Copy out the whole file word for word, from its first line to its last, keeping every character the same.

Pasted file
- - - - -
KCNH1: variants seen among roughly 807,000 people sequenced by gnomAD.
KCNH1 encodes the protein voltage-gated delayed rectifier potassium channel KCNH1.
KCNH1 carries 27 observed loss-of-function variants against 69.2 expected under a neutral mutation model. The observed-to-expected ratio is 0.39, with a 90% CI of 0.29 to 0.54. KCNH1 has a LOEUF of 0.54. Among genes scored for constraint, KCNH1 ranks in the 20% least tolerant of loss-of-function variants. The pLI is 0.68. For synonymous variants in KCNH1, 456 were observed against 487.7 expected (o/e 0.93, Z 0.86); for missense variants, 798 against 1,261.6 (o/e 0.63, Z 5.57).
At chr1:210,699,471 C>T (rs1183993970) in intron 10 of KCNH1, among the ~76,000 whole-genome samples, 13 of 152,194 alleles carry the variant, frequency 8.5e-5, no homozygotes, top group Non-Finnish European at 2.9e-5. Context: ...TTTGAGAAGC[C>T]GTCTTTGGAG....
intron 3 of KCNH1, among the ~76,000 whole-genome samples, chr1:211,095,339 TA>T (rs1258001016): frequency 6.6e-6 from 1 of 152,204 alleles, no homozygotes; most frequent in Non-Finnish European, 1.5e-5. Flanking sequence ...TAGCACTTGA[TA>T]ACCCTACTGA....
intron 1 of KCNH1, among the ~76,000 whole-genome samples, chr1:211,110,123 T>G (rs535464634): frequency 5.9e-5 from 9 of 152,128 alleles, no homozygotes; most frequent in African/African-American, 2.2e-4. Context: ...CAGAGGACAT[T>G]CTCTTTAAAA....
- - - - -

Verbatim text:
KCNH1: variants seen among roughly 807,000 people sequenced by gnomAD.
KCNH1 encodes the protein voltage-gated delayed rectifier potassium channel KCNH1.
KCNH1 carries 27 observed loss-of-function variants against 69.2 expected under a neutral mutation model. The observed-to-expected ratio is 0.39, with a 90% CI of 0.29 to 0.54. KCNH1 has a LOEUF of 0.54. Among genes scored for constraint, KCNH1 ranks in the 20% least tolerant of loss-of-function variants. The pLI is 0.68. For synonymous variants in KCNH1, 456 were observed against 487.7 expected (o/e 0.93, Z 0.86); for missense variants, 798 against 1,261.6 (o/e 0.63, Z 5.57).
At chr1:210,699,471 C>T (rs1183993970) in intron 10 of KCNH1, among the ~76,000 whole-genome samples, 13 of 152,194 alleles carry the variant, frequency 8.5e-5, no homozygotes, top group Non-Finnish European at 2.9e-5. Context: ...TTTGAGAAGC[C>T]GTCTTTGGAG....
intron 3 of KCNH1, among the ~76,000 whole-genome samples, chr1:211,095,339 TA>T (rs1258001016): frequency 6.6e-6 from 1 of 152,204 alleles, no homozygotes; most frequent in Non-Finnish European, 1.5e-5. Flanking sequence ...TAGCACTTGA[TA>T]ACCCTACTGA....
intron 1 of KCNH1, among the ~76,000 whole-genome samples, chr1:211,110,123 T>G (rs535464634): frequency 5.9e-5 from 9 of 152,128 alleles, no homozygotes; most frequent in African/African-American, 2.2e-4. Context: ...CAGAGGACAT[T>G]CTCTTTAAAA....